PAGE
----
The feast day of the Kazan Icon of the Mother of God reminds us that we should not despair even in the worst of our sorrows or lose trust in the willingness of our Lord and our Mother in Heaven to come to intercede for us. Yet messages of their intervention are often faint, and we must be careful not to miss them in the depth of our despair.
The discovery of the Kazan Icon brings us back to one of the darkest moments in Russian history. The city of Kazan had been struck by a devastating fire that left thousands homeless and destitute. For the rest of Russia, it was a time of troubles with much lawlessness and rebellion. The invading Polish armies had reached Moscow. The great famine of the early 1600s was looming ahead. Hope had all but disappeared.
It was at that point of great despair that the Divine intervention happened. The Kazan Icon of the Mother of God lay among the debris of a burned-down house. It became a rallying point for the people of Kazan and all of Russia. It raised the spirit of the people to fight off the Polish invasion, restore peace in the country, and settle the political disputes over the succession of the Russian throne. For decades and centuries ahead, the icon continued to help many generations of Russians who turned to the Holy Theotokos for her help in battling the invading armies and the temptations, misfortunes and trials coming from the enemy within.
Yet none of this would have happened without the courage and strong faith of a small nine-year-old girl named Matrona from one of the thousands of Kazan’s families affected by the fire. The Mother of God chose as her as the messenger of her intercession. She appeared to her in her dream. She instructed the girl to look for the icon of the Theotokos under the ashes of the destroyed family house. But people were in so much despair that no one was willing to believe her. Even her mother was sceptical. The Orthodox priests of the city chose to disregard her words, thinking that she was deluded. We owe the icon’s discovery to the unquestioning and steadfast faith of a little girl who acted on the words of the Theotokos.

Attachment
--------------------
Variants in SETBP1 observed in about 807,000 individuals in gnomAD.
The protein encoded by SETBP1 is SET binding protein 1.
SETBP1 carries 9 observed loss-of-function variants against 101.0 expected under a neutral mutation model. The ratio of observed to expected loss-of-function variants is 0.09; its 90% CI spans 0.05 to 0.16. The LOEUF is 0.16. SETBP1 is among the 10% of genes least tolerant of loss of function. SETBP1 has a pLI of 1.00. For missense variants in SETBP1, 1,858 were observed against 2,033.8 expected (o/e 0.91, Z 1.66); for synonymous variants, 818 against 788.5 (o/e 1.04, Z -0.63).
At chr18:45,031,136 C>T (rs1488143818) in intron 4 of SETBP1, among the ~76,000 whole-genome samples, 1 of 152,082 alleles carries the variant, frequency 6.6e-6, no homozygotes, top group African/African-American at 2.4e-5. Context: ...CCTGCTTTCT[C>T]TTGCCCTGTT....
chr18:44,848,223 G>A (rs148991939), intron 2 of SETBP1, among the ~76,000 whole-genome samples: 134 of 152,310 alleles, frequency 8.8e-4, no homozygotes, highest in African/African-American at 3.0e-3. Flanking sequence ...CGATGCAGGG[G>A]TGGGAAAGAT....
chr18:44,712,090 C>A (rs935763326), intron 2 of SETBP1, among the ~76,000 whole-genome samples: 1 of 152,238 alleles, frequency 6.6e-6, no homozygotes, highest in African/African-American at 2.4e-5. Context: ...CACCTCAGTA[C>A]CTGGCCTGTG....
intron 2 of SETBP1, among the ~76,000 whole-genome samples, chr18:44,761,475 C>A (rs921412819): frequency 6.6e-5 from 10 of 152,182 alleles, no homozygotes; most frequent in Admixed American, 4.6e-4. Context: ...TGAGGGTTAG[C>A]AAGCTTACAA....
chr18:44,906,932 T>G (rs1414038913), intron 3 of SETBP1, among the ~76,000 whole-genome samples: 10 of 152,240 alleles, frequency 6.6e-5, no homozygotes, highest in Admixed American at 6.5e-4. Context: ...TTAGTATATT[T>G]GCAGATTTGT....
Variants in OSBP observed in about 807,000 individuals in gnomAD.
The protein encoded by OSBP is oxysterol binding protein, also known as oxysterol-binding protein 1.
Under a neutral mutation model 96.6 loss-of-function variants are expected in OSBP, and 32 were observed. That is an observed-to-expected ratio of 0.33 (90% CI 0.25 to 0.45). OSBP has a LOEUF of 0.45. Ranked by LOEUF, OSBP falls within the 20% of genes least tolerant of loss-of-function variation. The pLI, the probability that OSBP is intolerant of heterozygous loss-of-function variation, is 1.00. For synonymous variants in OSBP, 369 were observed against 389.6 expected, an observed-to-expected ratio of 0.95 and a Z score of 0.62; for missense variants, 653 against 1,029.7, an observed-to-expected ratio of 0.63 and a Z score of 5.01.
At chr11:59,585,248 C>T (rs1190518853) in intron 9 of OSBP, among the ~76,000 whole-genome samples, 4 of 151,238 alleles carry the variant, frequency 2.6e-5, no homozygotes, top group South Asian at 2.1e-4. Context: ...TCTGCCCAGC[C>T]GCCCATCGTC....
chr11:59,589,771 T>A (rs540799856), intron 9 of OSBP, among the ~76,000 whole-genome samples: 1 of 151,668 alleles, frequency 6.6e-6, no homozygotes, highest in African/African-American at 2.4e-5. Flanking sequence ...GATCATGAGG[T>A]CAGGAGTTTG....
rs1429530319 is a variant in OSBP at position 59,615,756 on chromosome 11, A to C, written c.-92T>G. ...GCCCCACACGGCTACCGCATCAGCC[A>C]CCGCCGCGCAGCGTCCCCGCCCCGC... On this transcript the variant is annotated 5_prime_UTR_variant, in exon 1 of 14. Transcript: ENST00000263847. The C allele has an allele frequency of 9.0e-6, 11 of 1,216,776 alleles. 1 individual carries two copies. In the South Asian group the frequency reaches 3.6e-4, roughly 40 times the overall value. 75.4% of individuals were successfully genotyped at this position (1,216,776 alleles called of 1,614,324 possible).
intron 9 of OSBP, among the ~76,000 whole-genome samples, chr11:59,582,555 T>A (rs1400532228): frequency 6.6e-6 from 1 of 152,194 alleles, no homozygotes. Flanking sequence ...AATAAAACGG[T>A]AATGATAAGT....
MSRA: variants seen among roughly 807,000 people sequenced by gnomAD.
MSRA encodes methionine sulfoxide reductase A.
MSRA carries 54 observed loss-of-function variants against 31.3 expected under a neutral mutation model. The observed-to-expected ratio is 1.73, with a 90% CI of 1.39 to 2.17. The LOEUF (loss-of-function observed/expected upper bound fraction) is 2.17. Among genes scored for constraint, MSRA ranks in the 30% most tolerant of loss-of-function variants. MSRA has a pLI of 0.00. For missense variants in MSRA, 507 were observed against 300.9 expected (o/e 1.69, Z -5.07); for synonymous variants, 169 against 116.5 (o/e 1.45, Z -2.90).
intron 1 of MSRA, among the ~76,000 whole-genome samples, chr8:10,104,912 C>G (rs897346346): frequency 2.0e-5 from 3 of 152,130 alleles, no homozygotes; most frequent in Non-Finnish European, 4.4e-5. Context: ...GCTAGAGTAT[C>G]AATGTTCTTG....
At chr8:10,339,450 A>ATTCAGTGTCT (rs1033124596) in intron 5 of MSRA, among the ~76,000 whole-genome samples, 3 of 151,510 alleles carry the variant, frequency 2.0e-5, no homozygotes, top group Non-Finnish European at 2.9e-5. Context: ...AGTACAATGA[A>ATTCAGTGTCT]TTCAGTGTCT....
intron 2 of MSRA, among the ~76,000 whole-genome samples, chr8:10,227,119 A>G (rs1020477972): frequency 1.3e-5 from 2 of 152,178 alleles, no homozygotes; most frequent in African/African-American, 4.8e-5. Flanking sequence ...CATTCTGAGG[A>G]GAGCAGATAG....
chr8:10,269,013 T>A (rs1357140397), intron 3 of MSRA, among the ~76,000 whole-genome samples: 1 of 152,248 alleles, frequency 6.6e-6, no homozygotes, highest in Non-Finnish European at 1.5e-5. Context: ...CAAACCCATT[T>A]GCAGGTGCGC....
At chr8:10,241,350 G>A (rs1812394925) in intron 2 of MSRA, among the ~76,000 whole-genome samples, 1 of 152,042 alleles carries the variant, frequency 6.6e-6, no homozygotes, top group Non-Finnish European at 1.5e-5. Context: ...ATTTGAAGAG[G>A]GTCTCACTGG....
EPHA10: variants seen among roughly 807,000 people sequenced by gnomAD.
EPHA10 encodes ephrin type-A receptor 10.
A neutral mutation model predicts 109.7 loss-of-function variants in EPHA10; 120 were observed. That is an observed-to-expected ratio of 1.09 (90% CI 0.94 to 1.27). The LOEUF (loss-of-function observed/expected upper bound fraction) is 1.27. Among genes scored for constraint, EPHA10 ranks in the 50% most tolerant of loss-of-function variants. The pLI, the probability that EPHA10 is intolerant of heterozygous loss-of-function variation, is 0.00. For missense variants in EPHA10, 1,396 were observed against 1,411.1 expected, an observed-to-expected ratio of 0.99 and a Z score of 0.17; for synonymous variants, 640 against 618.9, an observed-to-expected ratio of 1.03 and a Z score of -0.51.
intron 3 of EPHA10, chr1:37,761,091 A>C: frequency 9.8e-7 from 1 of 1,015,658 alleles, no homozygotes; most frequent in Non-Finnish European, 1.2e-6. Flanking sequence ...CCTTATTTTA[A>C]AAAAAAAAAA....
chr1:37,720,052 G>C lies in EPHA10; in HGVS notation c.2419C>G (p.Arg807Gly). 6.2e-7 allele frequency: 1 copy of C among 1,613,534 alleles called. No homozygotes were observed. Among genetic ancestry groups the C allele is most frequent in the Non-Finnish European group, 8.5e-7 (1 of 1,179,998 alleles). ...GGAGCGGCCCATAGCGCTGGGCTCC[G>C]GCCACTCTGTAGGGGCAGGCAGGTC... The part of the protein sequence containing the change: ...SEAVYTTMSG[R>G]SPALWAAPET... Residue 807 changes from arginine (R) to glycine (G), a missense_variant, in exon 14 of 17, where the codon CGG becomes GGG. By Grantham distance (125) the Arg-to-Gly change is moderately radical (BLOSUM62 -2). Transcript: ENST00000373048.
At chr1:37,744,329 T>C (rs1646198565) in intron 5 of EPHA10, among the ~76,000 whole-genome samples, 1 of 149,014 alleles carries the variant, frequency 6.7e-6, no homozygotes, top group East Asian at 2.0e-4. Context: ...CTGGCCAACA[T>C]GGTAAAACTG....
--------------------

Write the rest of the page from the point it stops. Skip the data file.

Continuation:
She found the icon wrapped in an old cloth. It looked bright and beautiful as if it was new. The priest who questioned her dream repented his disbelief and became the metropolitan of Kazan. Later, he made a procession with the icon and blessed the Russian troops to fight against the Polish invaders. Eventually, he wrote a chronicle to tell this story to the generations to come.
If there is one thing that we can learn from it today, it might be this. The Lord never abandons us even in the worst of our sorrows. The Mother of God hears our prayers and will intercede on our behalf. Yet messages of the divine intercession may be faint. The gravity of our sorrows and the depth of our despair can easily keep us from hearing it. Let us pray that we have the strength never to lose faith in the presence of the Lord and that we keep our eyes and ears open even to the faintest voices of their messengers.